Since September, at least 60 people have died in 14 reported CIA drone strikes in Pakistan’s tribal regions. The Obama administration has named only one of the dead, hailing the elimination of Janbaz Zadran, a top official in the Haqqani insurgent network, as a counterterrorism victory.
The identities of the rest remain classified, as does the existence of the drone program itself. Because the names of the dead and the threat they were believed to pose are secret, it is impossible for anyone without access to U.S. intelligence to assess whether the deaths were justified.The administration has said that its covert, targeted killings with remote-controlled aircraft in Pakistan, Yemen, Somalia and potentially beyond are proper under both domestic and international law. It has said that the targets are chosen under strict criteria, with rigorous internal oversight.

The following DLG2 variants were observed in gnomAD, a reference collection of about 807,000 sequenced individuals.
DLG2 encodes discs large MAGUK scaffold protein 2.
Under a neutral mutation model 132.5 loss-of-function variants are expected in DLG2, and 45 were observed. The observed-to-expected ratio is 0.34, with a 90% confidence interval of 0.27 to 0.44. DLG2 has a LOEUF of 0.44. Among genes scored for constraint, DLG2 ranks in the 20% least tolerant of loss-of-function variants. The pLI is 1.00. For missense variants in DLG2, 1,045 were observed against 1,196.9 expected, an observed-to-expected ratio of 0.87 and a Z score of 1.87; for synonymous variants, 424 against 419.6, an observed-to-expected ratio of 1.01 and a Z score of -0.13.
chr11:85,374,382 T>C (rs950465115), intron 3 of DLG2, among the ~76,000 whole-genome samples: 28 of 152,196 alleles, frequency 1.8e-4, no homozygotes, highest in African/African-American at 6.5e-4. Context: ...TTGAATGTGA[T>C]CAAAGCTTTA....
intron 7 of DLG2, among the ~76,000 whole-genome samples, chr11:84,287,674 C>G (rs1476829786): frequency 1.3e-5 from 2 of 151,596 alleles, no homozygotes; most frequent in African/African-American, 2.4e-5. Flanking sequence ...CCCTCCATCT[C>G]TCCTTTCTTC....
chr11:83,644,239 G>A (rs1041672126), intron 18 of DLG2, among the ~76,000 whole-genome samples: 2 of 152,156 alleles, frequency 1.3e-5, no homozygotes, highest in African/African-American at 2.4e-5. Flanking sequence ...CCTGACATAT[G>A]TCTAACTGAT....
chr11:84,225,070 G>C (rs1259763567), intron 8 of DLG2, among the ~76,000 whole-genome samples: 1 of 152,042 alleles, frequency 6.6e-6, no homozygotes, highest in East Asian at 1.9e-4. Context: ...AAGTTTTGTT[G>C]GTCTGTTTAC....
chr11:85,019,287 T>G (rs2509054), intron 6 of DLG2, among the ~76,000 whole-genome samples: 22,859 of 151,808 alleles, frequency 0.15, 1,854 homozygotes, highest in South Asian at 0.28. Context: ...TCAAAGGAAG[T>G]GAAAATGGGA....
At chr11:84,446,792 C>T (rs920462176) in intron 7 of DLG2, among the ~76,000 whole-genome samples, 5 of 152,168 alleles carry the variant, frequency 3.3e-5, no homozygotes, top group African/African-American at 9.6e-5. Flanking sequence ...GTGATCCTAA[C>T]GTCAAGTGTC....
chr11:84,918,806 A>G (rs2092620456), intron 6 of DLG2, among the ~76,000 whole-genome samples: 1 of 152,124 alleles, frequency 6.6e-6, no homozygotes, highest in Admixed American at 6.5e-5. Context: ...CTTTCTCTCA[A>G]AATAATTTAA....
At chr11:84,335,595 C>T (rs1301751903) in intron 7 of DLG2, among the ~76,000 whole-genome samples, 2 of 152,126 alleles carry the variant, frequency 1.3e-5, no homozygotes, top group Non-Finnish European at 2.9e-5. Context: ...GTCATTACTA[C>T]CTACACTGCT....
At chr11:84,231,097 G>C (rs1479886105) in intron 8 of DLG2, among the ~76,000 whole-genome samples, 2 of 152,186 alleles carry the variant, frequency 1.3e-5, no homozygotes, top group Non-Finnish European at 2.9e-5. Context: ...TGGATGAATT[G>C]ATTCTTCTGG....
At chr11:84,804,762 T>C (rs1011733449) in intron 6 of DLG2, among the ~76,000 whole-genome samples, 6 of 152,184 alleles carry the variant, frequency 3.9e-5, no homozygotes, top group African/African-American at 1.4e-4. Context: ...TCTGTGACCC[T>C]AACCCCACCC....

It has parried reports of collateral damage and the alleged killing of innocents by saying that drones, with their surveillance capabilities and precision missiles, result in far fewer mistakes than less sophisticated weapons.
Yet in carrying out hundreds of strikes over three years — resulting in an estimated 1,350 to 2,250 deaths in Pakistan — it has provided virtually no details to support those assertions.
In outlining its legal reasoning, the administration has cited broad congressional authorizations and presidential approvals, the international laws of war and the right to self-defense. Administration advocates of more openness about the drone program are in a minority. Many of them are in the State Department, where some officials argue that the CIA’s drone program in Pakistan is the primary cause of widespread anti-Americanism.
Much of the resistance to increased disclosure has come from the CIA, which has argued that the release of any information about the program, particularly on how targets are chosen and strikes approved, would aid the enemy.
The Washington Post